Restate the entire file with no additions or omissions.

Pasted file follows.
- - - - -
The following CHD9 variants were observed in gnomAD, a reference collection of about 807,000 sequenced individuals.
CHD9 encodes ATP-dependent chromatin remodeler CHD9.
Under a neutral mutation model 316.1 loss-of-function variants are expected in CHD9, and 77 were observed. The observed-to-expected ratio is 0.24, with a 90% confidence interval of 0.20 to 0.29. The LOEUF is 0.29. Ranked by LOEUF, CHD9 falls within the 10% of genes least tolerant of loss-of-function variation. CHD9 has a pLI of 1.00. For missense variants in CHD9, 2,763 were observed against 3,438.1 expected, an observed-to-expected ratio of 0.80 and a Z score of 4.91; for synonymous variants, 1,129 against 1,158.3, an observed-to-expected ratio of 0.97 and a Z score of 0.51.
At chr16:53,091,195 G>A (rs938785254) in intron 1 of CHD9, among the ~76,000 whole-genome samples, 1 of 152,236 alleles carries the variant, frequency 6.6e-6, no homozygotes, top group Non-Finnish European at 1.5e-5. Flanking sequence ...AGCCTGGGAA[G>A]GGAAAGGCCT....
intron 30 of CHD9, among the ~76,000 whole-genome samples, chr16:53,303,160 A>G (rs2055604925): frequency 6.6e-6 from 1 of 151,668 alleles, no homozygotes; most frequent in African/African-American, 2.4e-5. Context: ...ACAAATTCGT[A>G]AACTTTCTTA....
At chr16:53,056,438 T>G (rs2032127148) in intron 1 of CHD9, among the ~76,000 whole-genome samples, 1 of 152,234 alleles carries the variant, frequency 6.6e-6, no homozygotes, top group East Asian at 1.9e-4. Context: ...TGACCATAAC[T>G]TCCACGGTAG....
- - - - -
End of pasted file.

The following CHD9 variants were observed in gnomAD, a reference collection of about 807,000 sequenced individuals.
CHD9 encodes ATP-dependent chromatin remodeler CHD9.
Under a neutral mutation model 316.1 loss-of-function variants are expected in CHD9, and 77 were observed. The observed-to-expected ratio is 0.24, with a 90% confidence interval of 0.20 to 0.29. The LOEUF is 0.29. Ranked by LOEUF, CHD9 falls within the 10% of genes least tolerant of loss-of-function variation. CHD9 has a pLI of 1.00. For missense variants in CHD9, 2,763 were observed against 3,438.1 expected, an observed-to-expected ratio of 0.80 and a Z score of 4.91; for synonymous variants, 1,129 against 1,158.3, an observed-to-expected ratio of 0.97 and a Z score of 0.51.
At chr16:53,091,195 G>A (rs938785254) in intron 1 of CHD9, among the ~76,000 whole-genome samples, 1 of 152,236 alleles carries the variant, frequency 6.6e-6, no homozygotes, top group Non-Finnish European at 1.5e-5. Flanking sequence ...AGCCTGGGAA[G>A]GGAAAGGCCT....
intron 30 of CHD9, among the ~76,000 whole-genome samples, chr16:53,303,160 A>G (rs2055604925): frequency 6.6e-6 from 1 of 151,668 alleles, no homozygotes; most frequent in African/African-American, 2.4e-5. Context: ...ACAAATTCGT[A>G]AACTTTCTTA....
At chr16:53,056,438 T>G (rs2032127148) in intron 1 of CHD9, among the ~76,000 whole-genome samples, 1 of 152,234 alleles carries the variant, frequency 6.6e-6, no homozygotes, top group East Asian at 1.9e-4. Context: ...TGACCATAAC[T>G]TCCACGGTAG....